Finally, and now perhaps most important, we extend whatever help we can to those in that beleaguered diocese who suffer under the hands of the present administration. They have remained loyal, faithful, and abiding, and now they are suffering under this power grab. The offices of the Episcopal Church should make haste to save them. If the official church will not, then we somehow must.

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3 Comments:

Anonymous Susan said...

"...the Bishop of San Joaquin, John-David Schofield, was cleared of charges brought by three California bishops that he had abandoned the communion of this church."

Lisa,

Who are the 3 bishops you are referring to? I had heard there were 4.

10/06/2006 1:10 PM  
Anonymous Allen said...

I hate to say this, but let them go.
Akinola thinks of us as a cancerous lump, we can think of San Joaquin as a cancerous lump in TEC, breeding nothing but hate and division.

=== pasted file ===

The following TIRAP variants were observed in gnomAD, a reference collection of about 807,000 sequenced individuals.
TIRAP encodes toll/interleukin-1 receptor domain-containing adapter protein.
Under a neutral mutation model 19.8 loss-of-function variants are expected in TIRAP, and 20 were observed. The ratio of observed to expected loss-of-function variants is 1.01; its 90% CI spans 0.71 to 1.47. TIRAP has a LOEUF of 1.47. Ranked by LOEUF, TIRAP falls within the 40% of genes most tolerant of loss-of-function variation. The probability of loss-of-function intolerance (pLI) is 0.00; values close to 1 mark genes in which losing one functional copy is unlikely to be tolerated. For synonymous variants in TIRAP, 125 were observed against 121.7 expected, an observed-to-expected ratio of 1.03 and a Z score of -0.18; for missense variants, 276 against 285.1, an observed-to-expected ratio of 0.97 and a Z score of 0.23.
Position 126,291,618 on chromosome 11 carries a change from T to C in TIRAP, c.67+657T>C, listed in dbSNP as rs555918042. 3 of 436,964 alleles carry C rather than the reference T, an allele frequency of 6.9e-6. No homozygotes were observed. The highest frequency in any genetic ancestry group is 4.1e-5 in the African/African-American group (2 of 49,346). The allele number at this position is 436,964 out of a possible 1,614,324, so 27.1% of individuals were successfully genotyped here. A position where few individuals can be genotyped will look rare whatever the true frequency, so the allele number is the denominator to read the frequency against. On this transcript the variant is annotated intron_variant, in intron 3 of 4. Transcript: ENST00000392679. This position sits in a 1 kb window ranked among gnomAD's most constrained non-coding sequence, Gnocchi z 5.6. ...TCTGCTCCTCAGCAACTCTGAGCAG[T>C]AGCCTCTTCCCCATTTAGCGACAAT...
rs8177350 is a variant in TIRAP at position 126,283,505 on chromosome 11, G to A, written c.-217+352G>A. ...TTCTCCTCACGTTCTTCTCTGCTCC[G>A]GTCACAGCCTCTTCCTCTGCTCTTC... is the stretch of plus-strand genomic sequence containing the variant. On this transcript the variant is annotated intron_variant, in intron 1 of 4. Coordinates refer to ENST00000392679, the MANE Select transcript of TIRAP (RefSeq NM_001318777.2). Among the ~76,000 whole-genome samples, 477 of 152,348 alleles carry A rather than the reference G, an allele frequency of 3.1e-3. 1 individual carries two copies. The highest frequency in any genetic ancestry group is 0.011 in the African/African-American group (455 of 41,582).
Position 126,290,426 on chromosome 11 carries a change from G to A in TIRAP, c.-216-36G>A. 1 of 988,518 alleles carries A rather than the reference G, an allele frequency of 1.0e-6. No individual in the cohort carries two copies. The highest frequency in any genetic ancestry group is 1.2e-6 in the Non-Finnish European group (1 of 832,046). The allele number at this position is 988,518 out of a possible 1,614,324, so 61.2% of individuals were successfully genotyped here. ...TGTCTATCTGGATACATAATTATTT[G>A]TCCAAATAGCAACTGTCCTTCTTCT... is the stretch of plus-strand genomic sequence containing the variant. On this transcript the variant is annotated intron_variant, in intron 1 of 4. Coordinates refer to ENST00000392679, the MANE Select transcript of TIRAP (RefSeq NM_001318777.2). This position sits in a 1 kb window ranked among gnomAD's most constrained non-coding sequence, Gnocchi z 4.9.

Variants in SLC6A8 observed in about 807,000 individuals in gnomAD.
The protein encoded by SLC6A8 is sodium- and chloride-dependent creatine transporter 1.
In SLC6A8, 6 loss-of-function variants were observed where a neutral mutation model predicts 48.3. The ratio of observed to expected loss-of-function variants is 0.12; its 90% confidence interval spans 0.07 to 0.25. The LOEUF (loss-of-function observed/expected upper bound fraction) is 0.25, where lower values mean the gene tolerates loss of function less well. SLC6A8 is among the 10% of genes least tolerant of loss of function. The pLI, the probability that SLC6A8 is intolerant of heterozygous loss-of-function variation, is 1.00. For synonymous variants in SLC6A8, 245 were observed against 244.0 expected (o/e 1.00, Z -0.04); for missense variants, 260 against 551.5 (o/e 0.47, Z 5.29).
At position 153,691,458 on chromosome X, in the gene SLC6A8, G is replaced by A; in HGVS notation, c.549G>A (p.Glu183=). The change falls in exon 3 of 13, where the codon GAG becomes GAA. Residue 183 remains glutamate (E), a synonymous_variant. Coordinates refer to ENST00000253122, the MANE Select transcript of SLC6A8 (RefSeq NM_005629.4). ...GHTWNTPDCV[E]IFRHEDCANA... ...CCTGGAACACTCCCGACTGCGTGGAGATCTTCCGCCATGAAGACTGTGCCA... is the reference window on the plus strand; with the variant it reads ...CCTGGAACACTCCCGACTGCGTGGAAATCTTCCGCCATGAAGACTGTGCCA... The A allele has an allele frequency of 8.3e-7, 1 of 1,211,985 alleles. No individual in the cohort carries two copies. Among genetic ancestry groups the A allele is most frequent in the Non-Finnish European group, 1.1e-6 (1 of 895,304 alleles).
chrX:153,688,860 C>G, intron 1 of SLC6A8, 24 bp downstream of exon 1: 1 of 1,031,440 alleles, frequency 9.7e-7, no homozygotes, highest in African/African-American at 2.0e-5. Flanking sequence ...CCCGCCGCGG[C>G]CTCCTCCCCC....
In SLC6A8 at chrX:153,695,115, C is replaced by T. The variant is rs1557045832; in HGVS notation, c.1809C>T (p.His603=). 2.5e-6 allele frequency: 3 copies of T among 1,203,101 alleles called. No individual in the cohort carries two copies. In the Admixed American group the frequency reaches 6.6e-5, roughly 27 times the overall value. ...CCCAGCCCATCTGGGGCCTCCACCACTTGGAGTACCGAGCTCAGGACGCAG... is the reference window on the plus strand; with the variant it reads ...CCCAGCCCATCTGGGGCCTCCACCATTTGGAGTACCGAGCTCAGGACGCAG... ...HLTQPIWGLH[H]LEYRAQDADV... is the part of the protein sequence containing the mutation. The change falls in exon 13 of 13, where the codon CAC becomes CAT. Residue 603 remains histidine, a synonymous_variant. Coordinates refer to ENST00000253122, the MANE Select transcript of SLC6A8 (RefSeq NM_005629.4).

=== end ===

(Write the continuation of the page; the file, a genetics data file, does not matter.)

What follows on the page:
And we need to reach out to those churches, laity and clergy that don't agree with the decisions of the diocese and bring them in with us, into the fold of reason.

10/08/2006 8:36 PM  
Blogger Marshall said...

I'm really more concerned about the LEAC Conference coming up in Orlando. There is lack of integrity perhaps in pursuing disassociation of the diocese even while the bishop is under investigation; but actions of diocesan convention are ultimately done in daylight. On the other hand, the LEAC conference is intended to develop "cadres" to take "a curriculum" to Episcopal parishes and entice members away. Moreover, two Episcopal bishops are taking part. I have shared my own thoughts here.

I know about the decision regarding Bishop Schofield, but he had not acted on the decisions of diocesan convention, however much he supported them. Two bishops acting to participate in disassembling the Episcopal Church causes me more concern.

10/09/2006 8:23 PM